It’s a very common question that people doing conference planning ask – should I use a Destination Management Company, or DMC as they are known in the industry, to assist me with my group’s meeting? It’s also a very common misconception that planners cannot afford to hire a DMC. While DMC’s are for profit organizations, you don’t necessarily have to consider them as an additional expense line to your conference planning.
Full disclosure first. My experience in the conference planning industry comes from destination management, so I tend to see more of the benefits from using a local expert. However, I have also advised clients that they don’t need a DMC for each and every component of their program. In fact, used properly, a DMC could save you money or at the very least provide a great event at your desired budget.
Using A Local Expert Will Add Local Flavor
The one main benefit of using a DMC is that you are getting advice from a local expert. These people or companies know what’s happening in their backyard. They have to, their survival depends on it. The benefit of using a DMC is that your conference will be getting the very best or the newest, hottest venue in town. You’ll come across looking like a superstar. Most conference planning includes incorporating the local flavor of the city that you are in. Unless you are based in that city or have done several meetings there, chances are that you aren’t aware of the best offerings.
Some planners also ask me whether they can rely on the hotel or convention and visitor’s bureau to help with this task. Of course these are great resources to use. Depending on how extravagant or unique you want your event to be is usually where my advice on whether or not to use a DMC come in. If part of your conference planning includes an upscale restaurant in the area of your hotel, then quite often the recommendation of your hotel contact would be sufficient. But if your conference planning incorporates something that would be unique to the delegate (something they couldn’t get or do anywhere else), then I would strongly recommend a DMC.
It’s Not Always Bad To Disclose Your Budget
If you’re worried that a DMC will increase your budget, consider providing them with a per person cost that you can spend for the function. Some planners have told me that they don’t like to provide budgets as they feel the price will always come back in that range. Well ya – that’s sort of why the person was asking that in the first place.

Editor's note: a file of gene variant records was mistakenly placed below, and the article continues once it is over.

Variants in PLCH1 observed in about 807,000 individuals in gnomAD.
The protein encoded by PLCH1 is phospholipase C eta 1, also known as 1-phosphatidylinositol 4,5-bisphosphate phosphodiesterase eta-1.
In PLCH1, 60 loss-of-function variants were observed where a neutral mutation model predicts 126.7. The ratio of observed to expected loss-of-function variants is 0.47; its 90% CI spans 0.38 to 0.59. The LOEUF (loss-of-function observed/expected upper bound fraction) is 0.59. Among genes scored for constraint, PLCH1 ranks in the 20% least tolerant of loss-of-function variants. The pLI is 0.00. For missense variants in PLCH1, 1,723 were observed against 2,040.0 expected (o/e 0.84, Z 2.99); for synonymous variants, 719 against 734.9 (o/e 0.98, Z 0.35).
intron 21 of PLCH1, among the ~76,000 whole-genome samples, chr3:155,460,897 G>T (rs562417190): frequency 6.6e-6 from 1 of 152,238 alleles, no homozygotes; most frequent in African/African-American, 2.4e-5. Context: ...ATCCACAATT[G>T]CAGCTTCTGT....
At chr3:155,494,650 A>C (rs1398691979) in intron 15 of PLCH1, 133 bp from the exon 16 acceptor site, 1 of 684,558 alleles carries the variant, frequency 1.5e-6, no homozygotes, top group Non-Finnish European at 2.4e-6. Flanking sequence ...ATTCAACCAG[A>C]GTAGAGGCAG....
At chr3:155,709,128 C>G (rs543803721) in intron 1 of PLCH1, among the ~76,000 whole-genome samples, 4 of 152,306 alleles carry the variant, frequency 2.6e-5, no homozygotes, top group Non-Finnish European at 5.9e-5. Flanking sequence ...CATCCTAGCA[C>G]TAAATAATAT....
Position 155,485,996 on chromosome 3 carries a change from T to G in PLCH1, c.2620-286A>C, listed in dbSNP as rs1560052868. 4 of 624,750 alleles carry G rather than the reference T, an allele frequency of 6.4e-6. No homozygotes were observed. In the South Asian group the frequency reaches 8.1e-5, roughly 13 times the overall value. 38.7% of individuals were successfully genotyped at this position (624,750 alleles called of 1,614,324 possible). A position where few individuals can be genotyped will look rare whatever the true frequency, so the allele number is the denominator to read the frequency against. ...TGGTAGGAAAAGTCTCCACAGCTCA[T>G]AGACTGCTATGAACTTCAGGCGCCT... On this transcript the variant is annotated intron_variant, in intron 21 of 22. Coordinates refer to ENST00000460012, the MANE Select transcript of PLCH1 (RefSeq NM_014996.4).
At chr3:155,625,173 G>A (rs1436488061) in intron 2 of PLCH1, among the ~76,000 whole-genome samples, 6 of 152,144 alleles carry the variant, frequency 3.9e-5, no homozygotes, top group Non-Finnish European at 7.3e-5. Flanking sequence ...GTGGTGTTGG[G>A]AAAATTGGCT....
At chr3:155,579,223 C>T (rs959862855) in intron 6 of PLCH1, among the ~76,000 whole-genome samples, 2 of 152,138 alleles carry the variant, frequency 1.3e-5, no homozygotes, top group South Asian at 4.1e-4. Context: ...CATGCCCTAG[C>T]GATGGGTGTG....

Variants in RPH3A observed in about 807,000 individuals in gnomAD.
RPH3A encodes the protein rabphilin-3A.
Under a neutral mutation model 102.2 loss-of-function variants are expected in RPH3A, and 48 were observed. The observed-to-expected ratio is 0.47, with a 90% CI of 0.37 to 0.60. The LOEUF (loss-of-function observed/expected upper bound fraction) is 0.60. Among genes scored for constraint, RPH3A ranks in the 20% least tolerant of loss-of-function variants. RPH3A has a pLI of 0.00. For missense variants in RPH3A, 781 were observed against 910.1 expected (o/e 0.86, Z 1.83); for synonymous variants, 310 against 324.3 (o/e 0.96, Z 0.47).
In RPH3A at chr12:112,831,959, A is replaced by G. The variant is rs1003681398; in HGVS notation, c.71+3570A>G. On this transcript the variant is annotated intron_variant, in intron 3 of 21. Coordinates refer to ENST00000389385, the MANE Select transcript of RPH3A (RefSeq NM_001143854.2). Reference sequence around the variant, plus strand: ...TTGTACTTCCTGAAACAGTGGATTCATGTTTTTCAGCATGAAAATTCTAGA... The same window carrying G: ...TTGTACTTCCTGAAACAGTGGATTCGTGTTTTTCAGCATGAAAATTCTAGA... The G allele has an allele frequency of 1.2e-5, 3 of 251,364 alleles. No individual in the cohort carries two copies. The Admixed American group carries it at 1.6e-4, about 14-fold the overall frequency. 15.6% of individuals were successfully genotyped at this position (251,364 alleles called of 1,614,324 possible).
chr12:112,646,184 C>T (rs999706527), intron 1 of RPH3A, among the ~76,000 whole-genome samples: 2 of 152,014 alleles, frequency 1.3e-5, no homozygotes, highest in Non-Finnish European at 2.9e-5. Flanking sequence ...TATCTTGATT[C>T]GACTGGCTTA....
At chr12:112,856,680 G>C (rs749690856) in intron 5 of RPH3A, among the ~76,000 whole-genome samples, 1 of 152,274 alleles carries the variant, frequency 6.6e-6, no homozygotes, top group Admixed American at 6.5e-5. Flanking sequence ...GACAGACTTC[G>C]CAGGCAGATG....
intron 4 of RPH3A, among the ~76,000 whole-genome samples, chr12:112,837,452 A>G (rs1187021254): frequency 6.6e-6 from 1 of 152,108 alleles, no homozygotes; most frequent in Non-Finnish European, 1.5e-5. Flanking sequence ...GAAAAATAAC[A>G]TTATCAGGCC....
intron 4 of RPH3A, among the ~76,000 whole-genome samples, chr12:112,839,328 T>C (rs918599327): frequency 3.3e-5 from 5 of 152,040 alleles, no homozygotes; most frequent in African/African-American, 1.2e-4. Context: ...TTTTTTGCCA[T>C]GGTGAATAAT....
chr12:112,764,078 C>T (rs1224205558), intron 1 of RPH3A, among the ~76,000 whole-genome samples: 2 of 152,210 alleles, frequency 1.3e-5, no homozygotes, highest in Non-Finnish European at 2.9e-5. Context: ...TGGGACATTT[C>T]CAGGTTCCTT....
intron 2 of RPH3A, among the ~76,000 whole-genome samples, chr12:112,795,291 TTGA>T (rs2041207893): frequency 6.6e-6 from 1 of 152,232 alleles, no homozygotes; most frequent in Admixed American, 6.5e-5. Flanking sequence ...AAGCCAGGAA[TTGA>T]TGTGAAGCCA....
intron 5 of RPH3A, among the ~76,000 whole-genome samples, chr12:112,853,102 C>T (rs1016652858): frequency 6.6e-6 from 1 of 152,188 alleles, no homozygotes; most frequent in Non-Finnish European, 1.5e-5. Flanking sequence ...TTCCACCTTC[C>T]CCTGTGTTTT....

In the conference planning cycle, building trust with people and companies you work with should be a top priority. Be honest and tell any suppliers that if things go well, you will certainly tell people about your experience. The same goes if things don’t go as well as you had been promised. Now, you must remember, not all bad things can be blamed on suppliers. Things like bad weather or unexpected traffic are really no one’s fault. However, a planned road closure or not telling you that there was a large open air component (in the event of rain) to the venue can be attributed to bad planning and as such to the company that is handling the event.
So, the real answer to the question of when to use and when not to use a DMC really depends on your conference planning needs. There are many components to your program that you may very easily do yourself. And similarly, there may also be more intricate components to your conference planning that may make your job easier if you hired a local professional. Always make sure you or someone you trust knows of the company you’re with. One resource that I would recommend visiting is ADME (http://www.adme.org) – the Association of Destination Management Executives. This association sets the standard for DMC’s. A quick visit to this site will give you a good overview of what you can expect when using a DMC.
- Are You Sure You’re Up To The Role Of Party Coordinator? (plananevent.org)
- Honey, I Shrunk the Budget – The New Norm in Meeting Planning (plananevent.org)